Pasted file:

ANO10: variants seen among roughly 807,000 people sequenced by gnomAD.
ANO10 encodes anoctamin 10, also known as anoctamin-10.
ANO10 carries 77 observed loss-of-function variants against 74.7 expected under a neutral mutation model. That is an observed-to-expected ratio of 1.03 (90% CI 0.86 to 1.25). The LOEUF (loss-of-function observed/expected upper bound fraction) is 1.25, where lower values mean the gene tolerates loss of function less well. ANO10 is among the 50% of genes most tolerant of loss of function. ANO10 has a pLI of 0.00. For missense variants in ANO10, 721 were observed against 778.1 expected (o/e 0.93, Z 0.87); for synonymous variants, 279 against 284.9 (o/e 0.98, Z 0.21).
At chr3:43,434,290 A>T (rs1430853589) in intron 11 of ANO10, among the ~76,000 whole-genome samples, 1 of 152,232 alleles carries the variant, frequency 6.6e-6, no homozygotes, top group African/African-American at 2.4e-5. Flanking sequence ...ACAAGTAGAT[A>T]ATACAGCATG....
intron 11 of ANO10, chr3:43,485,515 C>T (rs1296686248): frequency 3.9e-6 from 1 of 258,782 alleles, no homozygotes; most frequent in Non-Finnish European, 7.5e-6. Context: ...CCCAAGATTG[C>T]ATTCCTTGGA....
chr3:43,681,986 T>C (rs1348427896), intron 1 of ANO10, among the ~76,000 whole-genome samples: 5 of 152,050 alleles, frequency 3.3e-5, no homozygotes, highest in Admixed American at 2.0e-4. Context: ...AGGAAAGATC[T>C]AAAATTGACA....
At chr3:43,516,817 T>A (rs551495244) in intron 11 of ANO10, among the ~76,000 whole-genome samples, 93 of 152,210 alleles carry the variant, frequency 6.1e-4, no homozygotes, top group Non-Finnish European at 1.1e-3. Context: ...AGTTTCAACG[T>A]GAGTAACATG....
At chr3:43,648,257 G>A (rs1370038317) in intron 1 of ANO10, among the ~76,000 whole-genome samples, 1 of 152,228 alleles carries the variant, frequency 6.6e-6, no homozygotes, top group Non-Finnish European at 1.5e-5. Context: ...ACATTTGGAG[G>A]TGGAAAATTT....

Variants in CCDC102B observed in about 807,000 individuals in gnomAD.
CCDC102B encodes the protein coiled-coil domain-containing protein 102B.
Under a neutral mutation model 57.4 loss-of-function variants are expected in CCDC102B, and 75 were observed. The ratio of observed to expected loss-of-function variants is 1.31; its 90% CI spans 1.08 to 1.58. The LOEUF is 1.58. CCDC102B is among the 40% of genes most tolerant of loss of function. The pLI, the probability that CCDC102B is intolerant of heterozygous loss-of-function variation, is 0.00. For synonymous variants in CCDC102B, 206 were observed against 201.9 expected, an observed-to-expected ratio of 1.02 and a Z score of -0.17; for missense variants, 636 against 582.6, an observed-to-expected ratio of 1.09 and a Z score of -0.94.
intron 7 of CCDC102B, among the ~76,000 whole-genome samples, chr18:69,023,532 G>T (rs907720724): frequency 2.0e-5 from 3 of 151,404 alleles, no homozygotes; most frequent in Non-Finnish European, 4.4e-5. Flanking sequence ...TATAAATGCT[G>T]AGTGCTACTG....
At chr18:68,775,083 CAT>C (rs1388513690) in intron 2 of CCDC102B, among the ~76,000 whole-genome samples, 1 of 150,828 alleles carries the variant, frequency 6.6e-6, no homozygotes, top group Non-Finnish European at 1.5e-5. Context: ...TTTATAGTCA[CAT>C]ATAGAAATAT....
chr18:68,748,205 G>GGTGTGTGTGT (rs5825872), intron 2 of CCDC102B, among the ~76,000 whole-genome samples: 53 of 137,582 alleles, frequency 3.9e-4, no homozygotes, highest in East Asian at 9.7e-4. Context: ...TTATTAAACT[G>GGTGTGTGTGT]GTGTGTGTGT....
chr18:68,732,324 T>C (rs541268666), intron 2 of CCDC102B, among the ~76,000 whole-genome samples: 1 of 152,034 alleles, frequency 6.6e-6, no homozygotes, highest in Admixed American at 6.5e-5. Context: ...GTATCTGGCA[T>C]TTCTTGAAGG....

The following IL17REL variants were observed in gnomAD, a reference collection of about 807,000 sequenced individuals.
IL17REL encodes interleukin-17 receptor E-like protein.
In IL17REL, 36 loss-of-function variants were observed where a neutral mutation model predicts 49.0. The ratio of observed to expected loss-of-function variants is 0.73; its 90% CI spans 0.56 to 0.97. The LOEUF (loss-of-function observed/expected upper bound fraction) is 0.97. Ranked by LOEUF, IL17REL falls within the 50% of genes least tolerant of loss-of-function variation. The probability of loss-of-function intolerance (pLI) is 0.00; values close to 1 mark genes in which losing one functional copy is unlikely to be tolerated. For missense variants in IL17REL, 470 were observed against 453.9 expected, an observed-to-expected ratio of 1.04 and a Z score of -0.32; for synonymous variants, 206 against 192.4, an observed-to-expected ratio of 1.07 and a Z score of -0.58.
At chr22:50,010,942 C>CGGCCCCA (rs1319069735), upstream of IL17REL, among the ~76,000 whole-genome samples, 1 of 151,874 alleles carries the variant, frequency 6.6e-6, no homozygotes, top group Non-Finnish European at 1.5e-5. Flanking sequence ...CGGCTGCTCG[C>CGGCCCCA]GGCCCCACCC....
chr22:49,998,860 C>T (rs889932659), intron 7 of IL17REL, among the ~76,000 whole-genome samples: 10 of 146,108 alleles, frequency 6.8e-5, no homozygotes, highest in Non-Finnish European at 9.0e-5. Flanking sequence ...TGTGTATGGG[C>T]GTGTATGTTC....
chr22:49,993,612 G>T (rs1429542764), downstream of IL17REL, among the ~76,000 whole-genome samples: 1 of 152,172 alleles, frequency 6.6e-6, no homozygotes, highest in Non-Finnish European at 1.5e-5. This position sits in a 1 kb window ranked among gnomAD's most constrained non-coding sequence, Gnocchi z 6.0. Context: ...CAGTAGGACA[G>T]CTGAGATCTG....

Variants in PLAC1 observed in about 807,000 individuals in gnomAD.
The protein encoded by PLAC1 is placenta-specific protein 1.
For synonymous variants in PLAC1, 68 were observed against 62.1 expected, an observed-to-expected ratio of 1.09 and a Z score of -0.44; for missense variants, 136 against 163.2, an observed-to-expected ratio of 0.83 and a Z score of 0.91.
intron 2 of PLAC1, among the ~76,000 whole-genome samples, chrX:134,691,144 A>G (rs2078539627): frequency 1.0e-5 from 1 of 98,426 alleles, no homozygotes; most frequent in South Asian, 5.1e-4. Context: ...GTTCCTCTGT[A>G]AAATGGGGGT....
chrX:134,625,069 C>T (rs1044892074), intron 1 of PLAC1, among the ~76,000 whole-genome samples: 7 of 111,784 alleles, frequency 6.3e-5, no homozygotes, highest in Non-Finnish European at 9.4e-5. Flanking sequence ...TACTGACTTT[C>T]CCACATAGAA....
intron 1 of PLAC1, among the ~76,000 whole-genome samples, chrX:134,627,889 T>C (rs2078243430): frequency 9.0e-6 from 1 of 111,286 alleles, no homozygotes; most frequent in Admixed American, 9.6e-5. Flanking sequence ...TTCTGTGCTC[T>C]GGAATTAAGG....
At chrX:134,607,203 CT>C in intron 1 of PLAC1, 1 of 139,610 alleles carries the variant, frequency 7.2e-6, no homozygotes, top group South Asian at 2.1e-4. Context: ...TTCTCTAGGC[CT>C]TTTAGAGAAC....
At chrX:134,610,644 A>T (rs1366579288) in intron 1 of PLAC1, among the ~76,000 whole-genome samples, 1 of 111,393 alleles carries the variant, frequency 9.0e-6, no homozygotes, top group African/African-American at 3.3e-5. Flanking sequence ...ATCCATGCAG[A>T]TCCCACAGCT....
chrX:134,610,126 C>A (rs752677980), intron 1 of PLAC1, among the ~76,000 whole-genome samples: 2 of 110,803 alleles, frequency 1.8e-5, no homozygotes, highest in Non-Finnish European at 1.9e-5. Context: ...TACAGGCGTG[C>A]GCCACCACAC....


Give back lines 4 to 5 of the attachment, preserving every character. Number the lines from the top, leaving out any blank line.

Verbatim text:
At chr3:43,434,290 A>T (rs1430853589) in intron 11 of ANO10, among the ~76,000 whole-genome samples, 1 of 152,232 alleles carries the variant, frequency 6.6e-6, no homozygotes, top group African/African-American at 2.4e-5. Flanking sequence ...ACAAGTAGAT[A>T]ATACAGCATG....
intron 11 of ANO10, chr3:43,485,515 C>T (rs1296686248): frequency 3.9e-6 from 1 of 258,782 alleles, no homozygotes; most frequent in Non-Finnish European, 7.5e-6. Context: ...CCCAAGATTG[C>T]ATTCCTTGGA....